“According to City Councilman Peter Vallone Jr., the city does not have a complete record of where cellular antennas are in the city. In fact, they have no idea how many antennas there are in the city.” ~ Gothamist, 2010.
Fabric/Fragment of An Urban Wilderness is a sound work and an investigation of the built environment, produced by giving voice to the city’s thickly layered range of electromagnetic fields (EMFs) projected by cell phone base stations.
In 2012, I started the project, “Toward a North Brooklyn Wilderness Corridor,” to document endangered urban wilderness in Greenpoint, Brooklyn, where I have lived off and on since 2002. “Fabric/Fragment of An Urban Wilderness,” is made up of four tracks, each corresponding to a specific site within the 1.5 square-mile neighborhood, and runs for approximately 40 minutes.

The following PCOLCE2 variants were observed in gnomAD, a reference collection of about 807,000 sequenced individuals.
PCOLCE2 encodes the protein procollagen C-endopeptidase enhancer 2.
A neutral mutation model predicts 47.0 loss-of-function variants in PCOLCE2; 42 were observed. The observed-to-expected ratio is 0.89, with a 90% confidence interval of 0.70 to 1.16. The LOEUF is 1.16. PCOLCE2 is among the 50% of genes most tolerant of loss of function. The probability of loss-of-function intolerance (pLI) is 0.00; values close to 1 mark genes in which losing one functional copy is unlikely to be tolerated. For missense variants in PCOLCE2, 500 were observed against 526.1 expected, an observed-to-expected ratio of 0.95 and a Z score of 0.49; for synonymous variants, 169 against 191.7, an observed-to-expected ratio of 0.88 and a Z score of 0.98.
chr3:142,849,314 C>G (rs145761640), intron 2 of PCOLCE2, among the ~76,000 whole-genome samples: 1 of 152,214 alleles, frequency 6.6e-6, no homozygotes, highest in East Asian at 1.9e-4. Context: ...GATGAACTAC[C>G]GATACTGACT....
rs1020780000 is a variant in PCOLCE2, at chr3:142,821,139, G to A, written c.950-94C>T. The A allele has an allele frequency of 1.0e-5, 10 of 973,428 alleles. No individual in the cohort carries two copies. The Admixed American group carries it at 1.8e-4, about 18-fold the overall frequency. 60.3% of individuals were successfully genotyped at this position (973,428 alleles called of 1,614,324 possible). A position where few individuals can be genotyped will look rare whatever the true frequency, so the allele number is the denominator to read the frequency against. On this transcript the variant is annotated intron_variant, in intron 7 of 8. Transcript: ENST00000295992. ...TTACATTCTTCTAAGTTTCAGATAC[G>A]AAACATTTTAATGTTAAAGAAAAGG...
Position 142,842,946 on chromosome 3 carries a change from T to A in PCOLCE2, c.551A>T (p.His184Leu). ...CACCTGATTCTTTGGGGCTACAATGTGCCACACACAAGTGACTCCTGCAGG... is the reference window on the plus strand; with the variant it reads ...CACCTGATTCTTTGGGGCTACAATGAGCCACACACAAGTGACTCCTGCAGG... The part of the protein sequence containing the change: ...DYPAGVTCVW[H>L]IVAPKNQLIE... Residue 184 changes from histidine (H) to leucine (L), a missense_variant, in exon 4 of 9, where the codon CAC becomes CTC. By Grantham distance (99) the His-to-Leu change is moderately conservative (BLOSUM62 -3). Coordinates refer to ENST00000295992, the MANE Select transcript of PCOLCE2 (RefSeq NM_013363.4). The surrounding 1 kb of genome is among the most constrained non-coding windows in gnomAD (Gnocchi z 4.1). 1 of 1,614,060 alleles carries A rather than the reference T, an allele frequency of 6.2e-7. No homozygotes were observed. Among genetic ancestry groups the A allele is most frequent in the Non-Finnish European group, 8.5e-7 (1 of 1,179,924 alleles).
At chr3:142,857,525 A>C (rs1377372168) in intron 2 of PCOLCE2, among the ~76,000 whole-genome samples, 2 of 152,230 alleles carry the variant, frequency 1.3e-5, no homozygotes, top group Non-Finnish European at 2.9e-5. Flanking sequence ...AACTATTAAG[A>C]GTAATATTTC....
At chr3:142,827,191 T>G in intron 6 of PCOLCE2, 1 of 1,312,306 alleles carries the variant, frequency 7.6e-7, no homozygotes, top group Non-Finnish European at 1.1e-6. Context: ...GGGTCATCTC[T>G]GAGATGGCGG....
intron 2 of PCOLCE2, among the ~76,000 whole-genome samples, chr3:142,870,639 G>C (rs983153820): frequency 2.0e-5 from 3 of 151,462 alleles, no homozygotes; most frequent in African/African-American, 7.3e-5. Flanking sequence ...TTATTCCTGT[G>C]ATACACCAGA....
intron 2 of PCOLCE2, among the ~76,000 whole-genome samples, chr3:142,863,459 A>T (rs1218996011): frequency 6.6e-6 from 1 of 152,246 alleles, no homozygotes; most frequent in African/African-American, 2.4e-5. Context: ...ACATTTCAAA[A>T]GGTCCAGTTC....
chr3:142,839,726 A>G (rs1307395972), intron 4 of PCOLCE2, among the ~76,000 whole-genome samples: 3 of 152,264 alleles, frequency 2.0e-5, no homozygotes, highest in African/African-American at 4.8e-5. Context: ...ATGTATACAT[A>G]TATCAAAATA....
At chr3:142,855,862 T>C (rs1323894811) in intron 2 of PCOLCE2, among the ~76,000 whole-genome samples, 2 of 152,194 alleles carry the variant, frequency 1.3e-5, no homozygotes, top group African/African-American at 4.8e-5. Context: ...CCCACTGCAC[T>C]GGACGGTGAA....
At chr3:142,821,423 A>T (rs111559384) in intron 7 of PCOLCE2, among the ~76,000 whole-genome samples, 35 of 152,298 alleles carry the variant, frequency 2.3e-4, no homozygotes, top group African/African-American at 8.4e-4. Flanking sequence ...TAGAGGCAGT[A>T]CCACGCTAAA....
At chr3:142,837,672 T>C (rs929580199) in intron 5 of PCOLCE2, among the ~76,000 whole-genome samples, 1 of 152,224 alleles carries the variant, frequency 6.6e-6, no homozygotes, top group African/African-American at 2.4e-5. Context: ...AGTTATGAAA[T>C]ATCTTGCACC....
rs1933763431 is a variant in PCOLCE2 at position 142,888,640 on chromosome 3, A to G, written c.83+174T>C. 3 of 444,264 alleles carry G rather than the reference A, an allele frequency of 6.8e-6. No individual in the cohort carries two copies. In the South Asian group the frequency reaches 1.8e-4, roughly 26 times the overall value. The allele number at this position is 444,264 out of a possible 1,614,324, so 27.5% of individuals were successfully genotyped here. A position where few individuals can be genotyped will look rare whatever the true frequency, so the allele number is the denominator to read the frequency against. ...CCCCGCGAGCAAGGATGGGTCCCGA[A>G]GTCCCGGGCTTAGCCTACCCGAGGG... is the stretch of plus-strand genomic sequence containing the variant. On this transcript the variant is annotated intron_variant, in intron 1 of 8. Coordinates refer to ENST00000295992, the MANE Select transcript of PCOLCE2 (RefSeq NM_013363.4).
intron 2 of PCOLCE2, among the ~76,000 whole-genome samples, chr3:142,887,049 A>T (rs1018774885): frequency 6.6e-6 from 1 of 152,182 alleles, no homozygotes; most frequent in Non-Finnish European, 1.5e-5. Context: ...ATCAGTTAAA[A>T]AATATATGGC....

Electromagnetic fields form an invisible backdrop to our daily lives, and offer an inaudible soundtrack to our technologized selves. Emanating from all electronic devices – from the common fluorescent fixture, to traffic signal controls, plasma screens, or the towers beaming raw data to the cell phones in our pockets – the signals are invisible, the devices are easily overlooked, but the fields themselves are everywhere. By giving voice to their presence in public space, we might define the limits of a type infrastructure, or of the city itself.